In Flagship 4, novel seismic protective systems including, among others, hybrid damping devices, damage-free rocking structural systems, and wide-scale ground improvement for liquefaction remediation will be investigated. This Flagship will also combine previously independent research efforts on low damage structural and non-structural components to consider the compatibility of the entire building system, with the goal of minimizing the overall losses (repair cost and downtime). Leveraging off the Christchurch-based SCIRT learning legacy program for underground infrastructure, the practical considerations of replacement of liquefaction-induced damage to pipe networks with high performance materials will be examined. Economic barriers to adoption of new low-damage systems will be considered and cost-effectiveness will be evaluated using a multi-criteria approach where seismic performance will be integrated with life-cycle cost analysis considering benefit estimation of the long-term reduction of direct and indirect losses from future earthquakes. Results from Seed Projects related to infrastructure durability and its effects on life-cycle seismic assessment will also be integrated into this Flagship. Using data from ongoing large-scale testing on concrete buildings, this Flagship will also provide models for residual capacity of damaged buildings - the critical missing link to considering the reparability of conventional building systems in the design of next-generation infrastructure.
Our goal is to inform the Christchurch rebuild with research excellence on the residual capacity of damaged buildings, underground infrastructure and new low-damage systems to be used in the construction of a truly earthquake resilient city. This Flagship will also result in immediate changes to implementation standards; which provide the mainstream technology transfer mechanism given that all future designs must satisfy these standards. Significant economic benefits are also expected through both reductions in future earthquake losses and increased international competitiveness of NZ engineering consultants and marketing of new seismic protective devices.
- 16073 - Enhanced Seismic Resilience of Light Steel Frame Pallet Racking Systems (Clifton - UoA)
- 17096 - Large Friction Connection Performance and Reparability (MacRae - UoC)
- 17117 - Development and System-Level Implementation of Novel Damping Devices (Rodgers - UoC)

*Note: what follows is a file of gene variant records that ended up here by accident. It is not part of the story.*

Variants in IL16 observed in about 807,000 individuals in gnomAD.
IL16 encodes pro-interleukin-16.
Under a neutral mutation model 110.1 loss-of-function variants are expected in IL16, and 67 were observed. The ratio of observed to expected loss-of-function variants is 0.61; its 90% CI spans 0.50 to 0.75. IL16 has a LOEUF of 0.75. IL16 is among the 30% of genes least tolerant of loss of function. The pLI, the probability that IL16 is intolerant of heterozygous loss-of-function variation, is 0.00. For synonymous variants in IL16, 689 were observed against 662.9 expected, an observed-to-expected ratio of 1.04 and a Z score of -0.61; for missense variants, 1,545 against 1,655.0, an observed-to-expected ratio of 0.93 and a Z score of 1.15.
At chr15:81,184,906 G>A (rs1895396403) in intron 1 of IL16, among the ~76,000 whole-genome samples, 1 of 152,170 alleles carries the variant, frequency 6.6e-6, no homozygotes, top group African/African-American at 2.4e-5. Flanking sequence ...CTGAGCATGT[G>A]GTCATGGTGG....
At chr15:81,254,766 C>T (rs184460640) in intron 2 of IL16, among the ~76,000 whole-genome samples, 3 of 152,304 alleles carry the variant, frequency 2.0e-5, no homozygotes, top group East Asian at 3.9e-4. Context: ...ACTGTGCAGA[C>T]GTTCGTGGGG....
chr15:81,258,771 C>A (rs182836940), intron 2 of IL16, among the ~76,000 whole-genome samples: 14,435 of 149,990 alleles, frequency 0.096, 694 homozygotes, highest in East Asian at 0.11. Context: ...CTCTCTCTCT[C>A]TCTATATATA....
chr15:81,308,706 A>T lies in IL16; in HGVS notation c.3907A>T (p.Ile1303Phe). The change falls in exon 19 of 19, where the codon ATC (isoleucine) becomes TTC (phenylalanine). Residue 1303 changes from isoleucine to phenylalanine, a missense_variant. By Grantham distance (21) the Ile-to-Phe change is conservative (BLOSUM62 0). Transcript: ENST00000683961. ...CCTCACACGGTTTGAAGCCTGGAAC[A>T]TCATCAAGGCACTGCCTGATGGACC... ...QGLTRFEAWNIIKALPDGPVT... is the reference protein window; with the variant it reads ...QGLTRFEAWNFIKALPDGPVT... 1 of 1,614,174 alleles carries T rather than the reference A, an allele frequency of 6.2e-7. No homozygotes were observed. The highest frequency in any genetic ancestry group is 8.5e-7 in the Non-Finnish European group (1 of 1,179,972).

- 17137 - Usage of Seismic Loss Assessment to Motivate High Performance Building Solutions (Sullivan - UoC)
- F4.1 - Exploration of Lower-Damage Modifications to Conventional Reinforced Concrete Walls (Henry - UoA)
- 16015 - Design Procedure and Feasibility Analysis of Low-Damage Dissipative Rocking Precast Concrete Bridge Decks (Palermo- UoC)
- 16020 - Collaborative Framework for Large-Scale Structural Testing between New Zealand Research Institutions and Swinburne University of Technology (Hogan - UoA)
- 16046 - Residual Capacity of Repaired Reinforced Concrete Walls and Lower-Damage Modifications (Elwood - UoA)
- 16066 - Understand the Dynamic Characteristics of Post-Tensioned Multi-Storey Timber Buildings through Monitoring and Field Testing on Actual Implementations (Sarti - UoC)
- 16067 - Direction Dependent Dissipation (D3) Devices: Semi-Active Behaviour with the robustness of a passive device (Rodgers - UoC)
- E6471 - Low Cycle Fracture Assessment and Earthquake Life of Structural Steel Elements (MacRae - UoC)
- 1 - Structural Reconnaissance to Kumamoto Earthquake
- 2 - Seismic Performance and Loss Assessment of New Zealand Code-Conforming Reinforced Concrete Frame System Archetypes
Case Study Buildings
Case study building layout templates for use in seismic loss assessment studies are being developed as part of Project F4.3. Building details, drawings, and models of various buildings designed for New Zealand conditions can be found on the project's wiki page.
Monthly Flagship 4 Meetings
Past meeting agendas and related presentations can be found HERE.
System Interactions and Detailing of Low-Damage Buildings Workshop
QuakeCore held the 'System Interactions and Detailing of Low-Damage Buildings' workshop on the 26th of April 2017 in Wellington. Further details and presentations can be found on HERE.
Requests for Proposals